"I saw that everything going on was tied up in a knot that held this at its center—'I'm not what I wanted to be.' "
It's been ten years since Joshua Rivers had his dream of the girl he believes he is supposed to marry, and she's still nowhere in sight.
Now twenty-two, Joshua is stuck in a life markedly different from what he expected: he's unhappy with his current girlfriend and struggling with his doctoral thesis, and making no headway toward becoming a novelist, as he believes he must to win over his dream girl. Worse, his long-time lover, the nymphomaniac artist Lilian Lau, has cut him off because she thinks he's become dependent on her.
Little does Joshua know that by the end of the year he'll have met his destined love at last, but for now he is mired in darkness. Global terrorism and the lead-up to the Second Iraq War have created a climate of fear and anger in the intellectual world, and Joshua himself begins to manifest the ugly face of radicalism.
Finally, two chance encounters will see him revisit his family's secrets, and give him a reprieve from his loneliness that he knows he does not deserve.
My Generation's Lament is the sequel to Kiss Me, Genius Boy, and the second volume in the No More Dreams trilogy.
Praise for Kiss Me, Genius Boy (No More Dreams #1):
"I’ve been telling my friends how refreshing it is to read something by one of my generation, instead of something by someone that's dead. … Above all I admired the pithy, adroit little maxims on the nature of things." —Dylan Thorn, author of I'm Dead
"Uniquely refreshing … particularly erotic in its unabashed candidness." —Madeline R.
"A page turner, very funny and unusually honest and frank … Lily really steals the show. A nymphomaniacal exploiter of men and women, a deeply interesting, entertaining and wild character who lights up every page she is on." —Nicola G.
"Just read Berko scene from KMGB. Kick ASS! That scene just earnt me buying vol 2 when it comes out. Lily needs a cape and skin-tight leather pants. Lily needs her own graphic novel. Lily should be immortal, and probably is. Read KMGB so you can meet Lily. I secretly think she is Joshua's alter-ego. I think she might now also be mine." —Esme F.
"Simple, direct but with subtle, thought-provoking passages about self-awareness and one’s relation to life and others. I can’t wait for the next book." —Aiza C.
"Honestly I love it. It made me realize more the complexities and dimensions of love and loving." —Mary J. T.
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About the Author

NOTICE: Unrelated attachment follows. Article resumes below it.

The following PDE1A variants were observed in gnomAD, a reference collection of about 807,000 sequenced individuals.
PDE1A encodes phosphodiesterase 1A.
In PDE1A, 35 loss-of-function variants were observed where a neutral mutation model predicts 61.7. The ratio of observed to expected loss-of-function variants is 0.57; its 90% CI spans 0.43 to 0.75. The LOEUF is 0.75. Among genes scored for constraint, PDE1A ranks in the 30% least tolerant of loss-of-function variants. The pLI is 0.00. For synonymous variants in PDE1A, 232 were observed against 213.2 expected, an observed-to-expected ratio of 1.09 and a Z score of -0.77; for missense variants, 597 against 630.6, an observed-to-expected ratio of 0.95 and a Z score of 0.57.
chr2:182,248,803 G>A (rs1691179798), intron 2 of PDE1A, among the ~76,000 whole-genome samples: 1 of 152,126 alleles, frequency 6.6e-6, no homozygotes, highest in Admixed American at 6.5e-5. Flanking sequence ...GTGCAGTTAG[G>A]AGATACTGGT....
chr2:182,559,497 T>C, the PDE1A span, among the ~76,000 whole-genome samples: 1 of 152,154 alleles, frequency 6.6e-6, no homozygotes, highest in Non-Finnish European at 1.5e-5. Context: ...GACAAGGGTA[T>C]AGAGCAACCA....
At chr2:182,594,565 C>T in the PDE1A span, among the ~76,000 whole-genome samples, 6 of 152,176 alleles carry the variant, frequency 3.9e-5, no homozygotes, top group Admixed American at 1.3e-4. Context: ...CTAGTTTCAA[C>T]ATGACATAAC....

I was born in 1981 in Rosebud, a tourist town on the Mornington Peninsula, about an hour and a half's drive from Australia's second-largest city, Melbourne. The son of two art teachers, I grew up in a large house in nearby Tootgarook, filled with books and art and paints and paper and love. My first novel—Kiss Me, Genius Boy—includes a lot of autobiographical material. It's set in the culturally isolated bayside area where I grew up. Like me, the main character, Joshua Rivers, learned to read very young, and skipped two grades in primary school. He endures a lot of unhappiness in love (all his own fault), but also has some undeserved good luck in that area, which he's frequently ungrateful for. His favorite book and mine are the same: The Dispossessed, by Ursula Le Guin. But my characters are not exactly me, or the people I know, and the stories I tell aren't exactly the stories of our lives. The kind of fiction I write is a mashup: bits cut out of reality, rearranged and spliced with outright fabrications, in the service of telling a story and exploring the deeper truths in life. In this case, what's fascinated me over the past few years I've been working on this first novel, and the two further volumes of No More Dreams that follow it, is the peril of living solely for one's dream of a perfect future. I like to read a wide range of things: aside from Le Guin, I'm deeply attached to Kundera, Tolstoy, Laozi, Nietzsche, Kierkegaard, Leonard Cohen, and Ayn Rand. But the author who's influenced me the most is the Japanese Nobel Prize winner Kenzaburo Ôe, author of A Personal Matter and The Silent Cry. It's Ôe that I've taken my present semi-autobiographical approach from, and Ôe that inspired me not to gloss over the ignoble and grotesque things that we think, that we do, and that are done to us and others. As I grow older, and as I confront the world through art, it strikes me more and more that as humans we are united in suffering, in death, and also in love. My mission as a writer, should I have one, is not just to disseminate whatever small degree of vision or wisdom I may have, but also to remind people that in their alienation and their darkness, they are not alone. May you find, in the pages I have written for you, something to light your way in the night.